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- The Illusionist
On Dvd & Streaming
T here's always the chance of some project-duplication in Hollywood. Recently, we had an extreme case: two films about Truman Capote. It's a welcome corrective to the other magician film, which came out late last year: The Prestige, directed by Christopher Nolan, about two competing conjurors.
That was a rather swollen and self-admiring picture with an animatronic cameo from David Bowie; it proceeded at a stately pace - more David Nixon than David Blaine. The Illusionist is more modest in conception, with more control and more focus; its trick ending is more guessable but more realistic and more satisfying, too.
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At its centre is an enigmatic showman in turn-of-the-century Vienna, played with charisma and poise by Edward Norton; the director is Neil Burger, who made the much-admired JFK conspiracy-mockumentary Interview With the Assassin in He has here freely adapted a short story by Pulitzer prize-winning author Steven Millhauser, and the result is a smart, sharp, economically achieved piece of work.
Vienna is an interesting location: the home of innovations in demagoguery, psychology and the inducement of mass hysteria. Norton plays Abramovitz, a low-born Austrian cabinet-maker's son who as a boy discovers in himself a vocation for magic. He has an innocently platonic romance with aristocratic little Sophie, who has been charmed by his tricks: it is an ill-starred adventure which ends with the pair being tragically parted by the furious authorities.
CANCELLED - FREE Film Screening: The Illusionist () by Neil Burger | Senate House Library
Years later, Abramovitz appears on stage in the capital, now called Eisenheim the Illusionist: a brilliant magician and the toast of the town with his staggering tricks, presented austerely, almost academically, without a glamorous assistant. But fate is to provide him with one, the beautiful fiancee of no less a person than Crown Prince Leopold Rufus Sewell. One night, to the excited gasps of the audience, Leopold superciliously allows his intended bride, played by Jessica Biel, to descend from the royal box and assist Eisenheim with a trick.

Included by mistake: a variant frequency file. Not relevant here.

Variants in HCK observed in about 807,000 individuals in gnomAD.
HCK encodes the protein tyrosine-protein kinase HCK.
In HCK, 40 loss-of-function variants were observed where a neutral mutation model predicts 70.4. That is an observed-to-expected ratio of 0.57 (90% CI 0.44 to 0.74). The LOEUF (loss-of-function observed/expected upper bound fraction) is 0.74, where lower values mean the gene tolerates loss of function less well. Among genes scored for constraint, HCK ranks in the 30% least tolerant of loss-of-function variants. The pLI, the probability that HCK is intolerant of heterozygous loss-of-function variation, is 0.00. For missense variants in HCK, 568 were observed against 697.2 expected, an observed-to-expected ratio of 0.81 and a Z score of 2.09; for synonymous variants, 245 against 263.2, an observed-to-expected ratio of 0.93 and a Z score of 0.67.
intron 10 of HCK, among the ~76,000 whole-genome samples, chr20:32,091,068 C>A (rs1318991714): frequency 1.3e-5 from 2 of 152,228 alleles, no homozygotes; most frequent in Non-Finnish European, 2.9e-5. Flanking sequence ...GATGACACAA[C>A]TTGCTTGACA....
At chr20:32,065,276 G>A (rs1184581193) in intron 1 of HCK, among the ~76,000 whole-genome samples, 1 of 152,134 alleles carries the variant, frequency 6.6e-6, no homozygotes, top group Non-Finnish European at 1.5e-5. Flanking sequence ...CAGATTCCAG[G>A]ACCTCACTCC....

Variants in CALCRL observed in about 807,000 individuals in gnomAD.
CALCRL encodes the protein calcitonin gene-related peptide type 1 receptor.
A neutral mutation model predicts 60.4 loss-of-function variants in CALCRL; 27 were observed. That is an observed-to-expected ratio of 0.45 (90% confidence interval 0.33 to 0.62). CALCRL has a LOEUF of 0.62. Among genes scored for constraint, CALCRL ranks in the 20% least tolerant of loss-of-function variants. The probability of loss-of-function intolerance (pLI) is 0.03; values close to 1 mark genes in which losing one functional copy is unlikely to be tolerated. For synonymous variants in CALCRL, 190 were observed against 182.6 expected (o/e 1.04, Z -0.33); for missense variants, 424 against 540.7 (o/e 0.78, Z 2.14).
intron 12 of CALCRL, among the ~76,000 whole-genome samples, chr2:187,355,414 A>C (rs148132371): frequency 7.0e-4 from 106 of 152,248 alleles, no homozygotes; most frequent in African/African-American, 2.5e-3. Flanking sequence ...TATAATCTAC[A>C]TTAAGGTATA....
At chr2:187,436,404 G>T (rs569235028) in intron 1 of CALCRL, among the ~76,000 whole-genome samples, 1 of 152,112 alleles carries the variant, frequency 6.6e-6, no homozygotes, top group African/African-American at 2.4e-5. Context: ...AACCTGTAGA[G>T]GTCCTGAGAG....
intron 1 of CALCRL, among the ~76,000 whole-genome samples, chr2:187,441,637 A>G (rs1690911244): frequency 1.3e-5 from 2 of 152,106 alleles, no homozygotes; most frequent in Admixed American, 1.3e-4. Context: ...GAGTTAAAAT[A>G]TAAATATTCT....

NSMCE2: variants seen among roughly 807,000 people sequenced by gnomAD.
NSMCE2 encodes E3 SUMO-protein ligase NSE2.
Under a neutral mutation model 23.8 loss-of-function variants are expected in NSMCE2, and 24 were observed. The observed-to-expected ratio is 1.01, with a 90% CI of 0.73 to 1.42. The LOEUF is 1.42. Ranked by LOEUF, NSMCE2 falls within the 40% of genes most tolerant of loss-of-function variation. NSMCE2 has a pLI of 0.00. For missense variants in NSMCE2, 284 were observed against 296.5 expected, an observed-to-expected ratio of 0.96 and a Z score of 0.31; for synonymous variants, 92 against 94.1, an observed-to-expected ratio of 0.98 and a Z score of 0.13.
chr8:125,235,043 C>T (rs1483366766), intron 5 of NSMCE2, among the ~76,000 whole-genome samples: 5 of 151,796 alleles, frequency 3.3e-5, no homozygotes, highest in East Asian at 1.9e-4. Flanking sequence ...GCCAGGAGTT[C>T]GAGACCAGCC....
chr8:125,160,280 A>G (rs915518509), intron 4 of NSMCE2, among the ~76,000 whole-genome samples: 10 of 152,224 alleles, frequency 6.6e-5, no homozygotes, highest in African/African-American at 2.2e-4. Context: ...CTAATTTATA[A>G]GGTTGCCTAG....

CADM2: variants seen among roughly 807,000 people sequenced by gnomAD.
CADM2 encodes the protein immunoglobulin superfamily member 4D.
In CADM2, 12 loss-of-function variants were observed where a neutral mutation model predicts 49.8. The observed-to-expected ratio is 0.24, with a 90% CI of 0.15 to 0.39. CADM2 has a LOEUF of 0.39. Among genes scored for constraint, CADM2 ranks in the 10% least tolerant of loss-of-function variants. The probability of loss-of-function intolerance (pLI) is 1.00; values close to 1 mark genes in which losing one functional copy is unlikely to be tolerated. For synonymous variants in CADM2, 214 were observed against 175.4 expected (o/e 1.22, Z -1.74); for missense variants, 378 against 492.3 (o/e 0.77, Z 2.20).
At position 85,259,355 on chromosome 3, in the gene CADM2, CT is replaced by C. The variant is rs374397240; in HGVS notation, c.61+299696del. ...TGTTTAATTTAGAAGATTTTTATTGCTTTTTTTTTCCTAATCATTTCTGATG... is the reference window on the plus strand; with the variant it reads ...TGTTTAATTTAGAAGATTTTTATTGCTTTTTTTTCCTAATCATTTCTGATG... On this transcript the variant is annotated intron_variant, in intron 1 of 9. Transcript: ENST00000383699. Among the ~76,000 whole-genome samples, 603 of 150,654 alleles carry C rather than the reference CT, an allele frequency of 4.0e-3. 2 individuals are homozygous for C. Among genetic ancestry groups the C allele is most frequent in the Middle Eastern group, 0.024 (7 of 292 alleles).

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It is only when they are up on stage, in front of hundreds, that this young woman and the illusionist are close enough to recognise each other - and to let fate and dangerous love take their course once again. Where The Illusionist scores over The Prestige is that it is about a duel, not a duel between two magicians, however - with their dramatically self-cancelling equivalence in persona and function - but between a magician and a prince. The original Millhauser story was about two magicians, and Burger may have wanted to distinguish it from the Nolan film.
This movie really is about "prestige": one is a commoner, the other an aristocrat, but Eisenheim's celebrity status easily trumps Leopold's stuffy Ruritanian style. Leopold is nettled by the illusionist's blandly insolent refusal to reveal his secrets when he makes his condescending visits backstage, and by his own inability to guess them.
On a fundamental level, though, The Illusionist succeeds: While the storytellers are at work, the spell holds. The Duchess takes the stage, and for a moment it seems Eisenheim is the one under a spell.
But they have met, a lifetime ago. Humiliated and abandoned, Edward vanished and began a long journey in which he would completely reinvent himself. The star-crossed lovers face an even greater obstacle now in the figure of Leopold, whose planned marriage to the Duchess is an important part of his political ambitions.
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But Eisenheim is no longer the hapless teenager who was once sent packing in the woods. His calm dignity is like a cloak pulled tightly around him; never again will he be humiliated, though under the right circumstances he is willing to humiliate others, even Leopold himself. As much with his insinuating, impudent manner as his seemingly impossible stage miracles, the illusionist stumps the crown prince, an egoist who prides himself on his rationalism and sophistication and is eager to prove himself beyond any deception.
In part, The Illusionist is about the willing suspension of disbelief, the readiness to accept and appreciate the illusion on its own terms. Instead, Burger allows Uhl, and the audience, to ponder and cross-examine his illusions even as we are entertained by them. In any case, Leopold permits himself no illusions when it comes to Sophie. He has her movements followed, and is crudely blunt about the possibility that the duchess and the illusionist may be having an affair.